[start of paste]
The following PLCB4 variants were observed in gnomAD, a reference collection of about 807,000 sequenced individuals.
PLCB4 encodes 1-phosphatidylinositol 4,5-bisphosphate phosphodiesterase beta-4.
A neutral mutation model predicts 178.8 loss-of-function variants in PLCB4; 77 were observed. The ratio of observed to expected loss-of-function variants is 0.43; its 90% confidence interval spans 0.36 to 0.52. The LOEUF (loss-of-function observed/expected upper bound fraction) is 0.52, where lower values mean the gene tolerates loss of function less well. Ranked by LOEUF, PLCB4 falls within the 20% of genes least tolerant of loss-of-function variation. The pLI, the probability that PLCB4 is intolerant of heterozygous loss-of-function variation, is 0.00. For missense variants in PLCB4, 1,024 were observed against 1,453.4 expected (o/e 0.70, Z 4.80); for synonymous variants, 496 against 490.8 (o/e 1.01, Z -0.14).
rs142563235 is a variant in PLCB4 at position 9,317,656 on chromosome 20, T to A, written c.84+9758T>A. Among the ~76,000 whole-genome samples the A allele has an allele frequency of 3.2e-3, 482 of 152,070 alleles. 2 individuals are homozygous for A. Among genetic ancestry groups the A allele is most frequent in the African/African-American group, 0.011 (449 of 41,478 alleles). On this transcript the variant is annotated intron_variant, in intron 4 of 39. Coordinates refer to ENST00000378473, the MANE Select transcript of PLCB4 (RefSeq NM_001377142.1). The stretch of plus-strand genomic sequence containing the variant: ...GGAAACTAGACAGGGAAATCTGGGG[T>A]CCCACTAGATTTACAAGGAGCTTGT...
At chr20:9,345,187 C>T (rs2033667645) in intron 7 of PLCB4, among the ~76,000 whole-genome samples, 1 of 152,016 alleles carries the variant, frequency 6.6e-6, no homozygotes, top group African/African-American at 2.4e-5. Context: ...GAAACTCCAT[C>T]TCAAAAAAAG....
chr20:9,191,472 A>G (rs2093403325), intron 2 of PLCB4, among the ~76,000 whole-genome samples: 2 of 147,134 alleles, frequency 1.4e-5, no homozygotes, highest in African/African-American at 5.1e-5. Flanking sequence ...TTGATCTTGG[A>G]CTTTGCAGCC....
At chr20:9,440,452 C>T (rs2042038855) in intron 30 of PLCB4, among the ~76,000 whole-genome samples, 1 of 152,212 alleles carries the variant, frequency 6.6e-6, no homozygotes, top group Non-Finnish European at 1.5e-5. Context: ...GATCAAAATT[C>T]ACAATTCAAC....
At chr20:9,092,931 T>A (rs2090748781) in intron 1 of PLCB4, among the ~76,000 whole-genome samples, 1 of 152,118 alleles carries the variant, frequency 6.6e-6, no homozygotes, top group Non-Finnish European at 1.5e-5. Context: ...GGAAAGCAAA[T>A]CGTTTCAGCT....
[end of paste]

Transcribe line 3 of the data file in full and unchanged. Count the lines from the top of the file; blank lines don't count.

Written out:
A neutral mutation model predicts 178.8 loss-of-function variants in PLCB4; 77 were observed. The ratio of observed to expected loss-of-function variants is 0.43; its 90% confidence interval spans 0.36 to 0.52. The LOEUF (loss-of-function observed/expected upper bound fraction) is 0.52, where lower values mean the gene tolerates loss of function less well. Ranked by LOEUF, PLCB4 falls within the 20% of genes least tolerant of loss-of-function variation. The pLI, the probability that PLCB4 is intolerant of heterozygous loss-of-function variation, is 0.00. For missense variants in PLCB4, 1,024 were observed against 1,453.4 expected (o/e 0.70, Z 4.80); for synonymous variants, 496 against 490.8 (o/e 1.01, Z -0.14).